Obama’s Brilliant Political Move: Employment Authorization – although Not Green Cards – for Qualified Undocumented Young Adults
Published: June 18, 2012
The “DREAM Act” Inspired Program In A Nutshell:
Young adults who:
A) have completed high school, their G.E.D. or were honorably discharged from the U.S. armed forces,
B) have lived in the U.S. for more than 5 years,
C) have no significant criminal records and
D) are under the age of 30…..……
will now have an opportunity to remain in the U.S. and obtain an employment authorization document, thanks to a new executive directive announced by President Obama last week. Intake procedures and processing logistics have yet to be implemented, but it appears the launch of this program will happen very soon, perhaps in a matter of weeks.
With this move, President Obama, in one fell swoop, accomplishes a number of significant achievements:
1) He demonstrates leadership and a sense of justice by moving forward with a program that allows as many as 800,000 accomplished undocumented, or out of status, students obtain a 2 year employment authorization document – a document which then establishes eligibility for a social security number and drivers license,
2) He puts his concern for immigration reform back into the spotlight, after failing to deliver on promises he made prior to taking office. Read: pleading for America’s Hispanic vote, an essential element of a reelection bid. Perhaps this will be step one toward the implementation of true, comprehensive reform and a path to legalization for the 12 million undocumented in our country.
3) He backs Mitt Romney into a corner. In my effort to avoid being cliche or predictable as an immigration lawyer, I try my hardest not to write this column from any particular political perspective, especially a liberal, anything-goes angle. Even so, it’s hard not to see the slimey ooze coming from Romney’s mouth as he awkwardly attempts to respond to this new Obama initiative by muttering a nonsensical, non-position. Does Governor Romney support such an Obama initiative? Would he continue to keep it in place if he is elected President? Umm, Umm, blah, blah, or something to that effect, is his response, or should I say, non-response. His non-response leaves the American public wondering what he really stands for, although he stated unequivocally not long ago during the last Republican debate that he would veto any DREAM act type legislation that would come across his desk as President.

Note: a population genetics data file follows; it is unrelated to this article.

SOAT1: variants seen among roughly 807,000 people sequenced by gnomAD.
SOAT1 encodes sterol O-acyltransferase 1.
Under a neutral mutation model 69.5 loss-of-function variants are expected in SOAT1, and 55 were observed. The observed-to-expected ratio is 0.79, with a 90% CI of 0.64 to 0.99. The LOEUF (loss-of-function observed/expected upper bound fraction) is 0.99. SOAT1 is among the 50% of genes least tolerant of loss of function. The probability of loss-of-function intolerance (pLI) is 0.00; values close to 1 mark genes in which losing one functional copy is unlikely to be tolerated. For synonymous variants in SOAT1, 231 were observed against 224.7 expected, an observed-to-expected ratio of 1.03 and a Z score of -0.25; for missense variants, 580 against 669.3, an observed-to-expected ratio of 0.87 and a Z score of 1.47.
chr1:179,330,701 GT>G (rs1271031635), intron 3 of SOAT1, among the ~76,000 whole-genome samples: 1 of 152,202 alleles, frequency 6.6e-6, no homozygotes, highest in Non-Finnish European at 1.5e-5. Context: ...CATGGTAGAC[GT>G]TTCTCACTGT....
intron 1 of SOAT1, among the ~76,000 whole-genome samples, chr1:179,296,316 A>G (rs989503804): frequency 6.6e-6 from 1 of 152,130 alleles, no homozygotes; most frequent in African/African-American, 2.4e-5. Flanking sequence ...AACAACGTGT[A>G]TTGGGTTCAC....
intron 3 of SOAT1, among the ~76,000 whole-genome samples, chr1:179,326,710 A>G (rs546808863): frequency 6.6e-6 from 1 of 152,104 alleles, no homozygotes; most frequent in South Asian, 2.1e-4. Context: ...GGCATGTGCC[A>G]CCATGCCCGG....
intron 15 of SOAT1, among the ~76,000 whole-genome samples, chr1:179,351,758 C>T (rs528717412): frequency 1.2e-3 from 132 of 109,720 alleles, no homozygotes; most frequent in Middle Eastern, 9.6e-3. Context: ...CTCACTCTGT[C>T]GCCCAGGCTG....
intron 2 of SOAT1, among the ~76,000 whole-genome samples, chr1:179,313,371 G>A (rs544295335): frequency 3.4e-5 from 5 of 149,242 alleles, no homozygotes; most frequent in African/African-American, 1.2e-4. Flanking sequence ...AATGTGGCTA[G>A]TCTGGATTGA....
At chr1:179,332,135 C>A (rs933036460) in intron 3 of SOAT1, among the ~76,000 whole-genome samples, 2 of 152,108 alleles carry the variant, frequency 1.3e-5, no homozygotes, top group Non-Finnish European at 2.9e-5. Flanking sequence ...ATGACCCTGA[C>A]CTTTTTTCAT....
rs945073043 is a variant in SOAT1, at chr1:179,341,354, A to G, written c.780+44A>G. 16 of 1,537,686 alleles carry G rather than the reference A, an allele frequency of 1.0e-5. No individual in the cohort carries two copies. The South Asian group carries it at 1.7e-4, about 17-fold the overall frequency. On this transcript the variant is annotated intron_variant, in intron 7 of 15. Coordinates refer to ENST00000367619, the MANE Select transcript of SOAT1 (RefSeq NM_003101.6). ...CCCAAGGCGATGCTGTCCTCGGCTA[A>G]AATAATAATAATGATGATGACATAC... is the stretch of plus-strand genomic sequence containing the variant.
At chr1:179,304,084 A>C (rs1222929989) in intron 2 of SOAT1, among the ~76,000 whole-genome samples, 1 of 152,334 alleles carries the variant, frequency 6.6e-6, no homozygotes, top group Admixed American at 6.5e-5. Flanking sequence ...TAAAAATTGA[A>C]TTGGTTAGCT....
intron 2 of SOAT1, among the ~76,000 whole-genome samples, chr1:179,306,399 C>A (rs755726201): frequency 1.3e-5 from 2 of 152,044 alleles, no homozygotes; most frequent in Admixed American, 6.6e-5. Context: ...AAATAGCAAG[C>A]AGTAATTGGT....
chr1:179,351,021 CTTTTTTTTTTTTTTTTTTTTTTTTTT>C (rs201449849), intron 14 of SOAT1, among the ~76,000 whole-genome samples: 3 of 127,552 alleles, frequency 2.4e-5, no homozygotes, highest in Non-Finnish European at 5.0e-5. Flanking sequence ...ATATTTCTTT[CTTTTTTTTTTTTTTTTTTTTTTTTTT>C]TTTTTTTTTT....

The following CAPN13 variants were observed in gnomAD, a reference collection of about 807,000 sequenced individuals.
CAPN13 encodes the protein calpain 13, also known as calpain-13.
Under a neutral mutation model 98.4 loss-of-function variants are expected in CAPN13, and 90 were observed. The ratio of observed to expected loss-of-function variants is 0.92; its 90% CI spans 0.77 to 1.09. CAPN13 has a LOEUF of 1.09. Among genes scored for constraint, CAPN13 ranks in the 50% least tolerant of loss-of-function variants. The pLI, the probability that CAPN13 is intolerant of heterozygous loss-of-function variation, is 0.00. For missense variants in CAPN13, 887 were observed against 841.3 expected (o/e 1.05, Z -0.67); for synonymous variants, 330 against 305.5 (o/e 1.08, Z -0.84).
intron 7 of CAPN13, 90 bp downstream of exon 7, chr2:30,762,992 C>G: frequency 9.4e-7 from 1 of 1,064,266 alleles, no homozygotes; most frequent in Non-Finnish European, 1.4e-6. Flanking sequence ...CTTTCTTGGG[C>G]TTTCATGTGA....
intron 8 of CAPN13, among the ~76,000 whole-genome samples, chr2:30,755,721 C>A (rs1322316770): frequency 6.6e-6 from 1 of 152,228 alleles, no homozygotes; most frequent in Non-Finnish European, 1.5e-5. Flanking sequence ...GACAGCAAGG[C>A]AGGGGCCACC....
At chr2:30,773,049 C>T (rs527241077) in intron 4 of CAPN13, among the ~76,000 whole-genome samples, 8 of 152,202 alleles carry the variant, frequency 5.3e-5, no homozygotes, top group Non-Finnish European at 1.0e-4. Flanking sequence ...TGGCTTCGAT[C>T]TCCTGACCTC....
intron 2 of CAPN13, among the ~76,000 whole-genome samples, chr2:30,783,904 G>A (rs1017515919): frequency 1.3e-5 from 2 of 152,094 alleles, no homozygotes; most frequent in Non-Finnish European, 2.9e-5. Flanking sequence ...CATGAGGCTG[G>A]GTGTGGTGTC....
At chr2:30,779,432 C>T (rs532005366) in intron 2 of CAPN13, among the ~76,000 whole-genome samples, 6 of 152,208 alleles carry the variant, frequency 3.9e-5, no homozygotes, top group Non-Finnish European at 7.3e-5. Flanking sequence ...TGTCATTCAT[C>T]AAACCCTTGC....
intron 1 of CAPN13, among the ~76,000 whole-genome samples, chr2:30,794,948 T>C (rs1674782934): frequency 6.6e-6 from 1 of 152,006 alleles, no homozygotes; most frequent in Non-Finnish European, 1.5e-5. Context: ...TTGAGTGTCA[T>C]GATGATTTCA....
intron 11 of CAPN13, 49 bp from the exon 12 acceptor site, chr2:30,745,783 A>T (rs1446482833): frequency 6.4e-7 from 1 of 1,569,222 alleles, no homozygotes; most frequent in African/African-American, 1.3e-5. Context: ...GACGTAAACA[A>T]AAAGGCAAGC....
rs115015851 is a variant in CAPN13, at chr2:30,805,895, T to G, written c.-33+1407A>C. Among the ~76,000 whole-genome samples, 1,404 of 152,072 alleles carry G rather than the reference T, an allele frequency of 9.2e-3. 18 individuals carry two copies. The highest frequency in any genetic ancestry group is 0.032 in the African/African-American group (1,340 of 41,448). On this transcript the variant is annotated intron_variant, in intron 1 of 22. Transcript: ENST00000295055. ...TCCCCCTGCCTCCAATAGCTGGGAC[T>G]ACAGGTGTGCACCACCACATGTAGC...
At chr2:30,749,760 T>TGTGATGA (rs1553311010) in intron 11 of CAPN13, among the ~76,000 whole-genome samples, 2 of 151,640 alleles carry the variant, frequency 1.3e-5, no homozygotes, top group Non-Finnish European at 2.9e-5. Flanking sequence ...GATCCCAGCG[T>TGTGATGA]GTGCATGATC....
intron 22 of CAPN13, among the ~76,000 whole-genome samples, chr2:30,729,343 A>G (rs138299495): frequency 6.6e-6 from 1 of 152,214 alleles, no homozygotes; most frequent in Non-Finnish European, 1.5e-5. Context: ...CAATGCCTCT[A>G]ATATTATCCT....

Back to the basics of the new program:
• again, Department of Homeland Security/Citizenship and Immigration Services procedures for intake and processing will likely be announced in a matter of weeks,
• applicants are not on the road to Green Card, just a 2 year period of employment authorization,
• the fact an applicant is already in removal proceedings, or already even ordered removed, will not necessarily be a bar to eligibility
• brief departures out of the U.S. during the 5 year period will not necessarily disqualify the applicant,
• one or two “insignificant” misdemeanor convictions will not necessarily derail the process and
• DHS’ agents, effective immediately, are directed not to place qualifying applicants in removal proceedings
Unanswered Questions…For the Time Being:
• How long will it take be issued the Employment Authorization Document after applying? My guess – 90 days, give or take.
• What happens after the two years? My guess: At worst – another extension opportunity. At best – if the actual DREAM Act gets passed by Congress, a path to green card.
• Will the new initiative survive the court challenge promised by Obama’s Republican foes (premised on the argument that the program inappropriately intrudes on our legislative branch’s domain)? My guess: Yes. This program falls under the Executive Branch’s (The President’s) discretionary authority to prosecute or not prosecute immigration law violators, an authority exercised by Presidents, Republican and Democrat alike, for generations.
Lastly, for now, it seems the brilliance of this new program is reflected in a most important number: 64% of likely voters approve of the measure, according to a Bloomberg poll released today.
In the realm of politics and immigration, I have come to learn that surprise and change are a constant, and that one should always expect the unexpected. Important developments on this and other important immigration related policies and legislation will continue to be featured in this column. Stay tuned.
PUBLISHED June 18, 2012 – “IMMIGRATION LAW FORUM”
Copyright © 2012, By Law Offices of Richard Hanus, Chicago, Illinois